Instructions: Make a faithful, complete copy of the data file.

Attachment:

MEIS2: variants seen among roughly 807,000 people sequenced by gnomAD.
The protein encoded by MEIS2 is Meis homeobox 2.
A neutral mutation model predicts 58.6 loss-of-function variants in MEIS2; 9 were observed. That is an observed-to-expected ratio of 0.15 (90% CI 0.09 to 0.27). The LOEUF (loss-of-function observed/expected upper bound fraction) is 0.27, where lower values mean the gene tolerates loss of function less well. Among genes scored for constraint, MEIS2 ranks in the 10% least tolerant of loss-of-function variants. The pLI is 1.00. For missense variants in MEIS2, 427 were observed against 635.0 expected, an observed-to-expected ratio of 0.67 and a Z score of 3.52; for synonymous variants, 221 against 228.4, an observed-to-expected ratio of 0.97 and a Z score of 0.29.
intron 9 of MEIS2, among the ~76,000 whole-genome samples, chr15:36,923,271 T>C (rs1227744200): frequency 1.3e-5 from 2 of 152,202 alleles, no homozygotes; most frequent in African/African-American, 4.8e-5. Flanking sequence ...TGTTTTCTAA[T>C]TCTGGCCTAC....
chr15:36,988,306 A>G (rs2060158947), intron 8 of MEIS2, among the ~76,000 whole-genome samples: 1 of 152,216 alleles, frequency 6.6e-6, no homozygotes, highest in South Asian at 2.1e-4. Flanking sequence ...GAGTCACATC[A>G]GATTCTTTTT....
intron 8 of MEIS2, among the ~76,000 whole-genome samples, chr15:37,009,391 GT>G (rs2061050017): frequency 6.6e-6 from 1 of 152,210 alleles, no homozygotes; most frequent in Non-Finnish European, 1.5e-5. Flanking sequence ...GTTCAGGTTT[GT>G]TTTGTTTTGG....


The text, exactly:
MEIS2: variants seen among roughly 807,000 people sequenced by gnomAD.
The protein encoded by MEIS2 is Meis homeobox 2.
A neutral mutation model predicts 58.6 loss-of-function variants in MEIS2; 9 were observed. That is an observed-to-expected ratio of 0.15 (90% CI 0.09 to 0.27). The LOEUF (loss-of-function observed/expected upper bound fraction) is 0.27, where lower values mean the gene tolerates loss of function less well. Among genes scored for constraint, MEIS2 ranks in the 10% least tolerant of loss-of-function variants. The pLI is 1.00. For missense variants in MEIS2, 427 were observed against 635.0 expected, an observed-to-expected ratio of 0.67 and a Z score of 3.52; for synonymous variants, 221 against 228.4, an observed-to-expected ratio of 0.97 and a Z score of 0.29.
intron 9 of MEIS2, among the ~76,000 whole-genome samples, chr15:36,923,271 T>C (rs1227744200): frequency 1.3e-5 from 2 of 152,202 alleles, no homozygotes; most frequent in African/African-American, 4.8e-5. Flanking sequence ...TGTTTTCTAA[T>C]TCTGGCCTAC....
chr15:36,988,306 A>G (rs2060158947), intron 8 of MEIS2, among the ~76,000 whole-genome samples: 1 of 152,216 alleles, frequency 6.6e-6, no homozygotes, highest in South Asian at 2.1e-4. Flanking sequence ...GAGTCACATC[A>G]GATTCTTTTT....
intron 8 of MEIS2, among the ~76,000 whole-genome samples, chr15:37,009,391 GT>G (rs2061050017): frequency 6.6e-6 from 1 of 152,210 alleles, no homozygotes; most frequent in Non-Finnish European, 1.5e-5. Flanking sequence ...GTTCAGGTTT[GT>G]TTTGTTTTGG....